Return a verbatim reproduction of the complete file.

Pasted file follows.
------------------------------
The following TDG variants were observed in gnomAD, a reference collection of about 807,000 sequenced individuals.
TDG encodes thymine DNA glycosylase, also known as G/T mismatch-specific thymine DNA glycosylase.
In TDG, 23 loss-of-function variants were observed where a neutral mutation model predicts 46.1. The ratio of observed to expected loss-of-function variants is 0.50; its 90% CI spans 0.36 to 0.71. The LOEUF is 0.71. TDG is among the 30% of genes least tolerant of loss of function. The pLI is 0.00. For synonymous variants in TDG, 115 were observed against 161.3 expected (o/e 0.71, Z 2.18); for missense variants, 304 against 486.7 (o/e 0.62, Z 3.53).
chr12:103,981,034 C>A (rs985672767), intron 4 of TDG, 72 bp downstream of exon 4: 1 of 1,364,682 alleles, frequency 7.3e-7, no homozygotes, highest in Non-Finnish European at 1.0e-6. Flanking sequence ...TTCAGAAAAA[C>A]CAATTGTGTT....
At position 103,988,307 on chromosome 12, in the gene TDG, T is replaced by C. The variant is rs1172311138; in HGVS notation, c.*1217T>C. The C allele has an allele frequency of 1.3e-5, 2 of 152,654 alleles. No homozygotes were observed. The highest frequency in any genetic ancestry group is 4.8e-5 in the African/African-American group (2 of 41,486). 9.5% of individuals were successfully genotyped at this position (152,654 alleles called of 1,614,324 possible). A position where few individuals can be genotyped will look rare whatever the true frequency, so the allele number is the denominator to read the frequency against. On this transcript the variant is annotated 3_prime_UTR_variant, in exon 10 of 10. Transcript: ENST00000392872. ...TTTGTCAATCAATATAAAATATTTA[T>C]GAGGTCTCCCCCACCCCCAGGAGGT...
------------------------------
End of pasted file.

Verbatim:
The following TDG variants were observed in gnomAD, a reference collection of about 807,000 sequenced individuals.
TDG encodes thymine DNA glycosylase, also known as G/T mismatch-specific thymine DNA glycosylase.
In TDG, 23 loss-of-function variants were observed where a neutral mutation model predicts 46.1. The ratio of observed to expected loss-of-function variants is 0.50; its 90% CI spans 0.36 to 0.71. The LOEUF is 0.71. TDG is among the 30% of genes least tolerant of loss of function. The pLI is 0.00. For synonymous variants in TDG, 115 were observed against 161.3 expected (o/e 0.71, Z 2.18); for missense variants, 304 against 486.7 (o/e 0.62, Z 3.53).
chr12:103,981,034 C>A (rs985672767), intron 4 of TDG, 72 bp downstream of exon 4: 1 of 1,364,682 alleles, frequency 7.3e-7, no homozygotes, highest in Non-Finnish European at 1.0e-6. Flanking sequence ...TTCAGAAAAA[C>A]CAATTGTGTT....
At position 103,988,307 on chromosome 12, in the gene TDG, T is replaced by C. The variant is rs1172311138; in HGVS notation, c.*1217T>C. The C allele has an allele frequency of 1.3e-5, 2 of 152,654 alleles. No homozygotes were observed. The highest frequency in any genetic ancestry group is 4.8e-5 in the African/African-American group (2 of 41,486). 9.5% of individuals were successfully genotyped at this position (152,654 alleles called of 1,614,324 possible). A position where few individuals can be genotyped will look rare whatever the true frequency, so the allele number is the denominator to read the frequency against. On this transcript the variant is annotated 3_prime_UTR_variant, in exon 10 of 10. Transcript: ENST00000392872. ...TTTGTCAATCAATATAAAATATTTA[T>C]GAGGTCTCCCCCACCCCCAGGAGGT...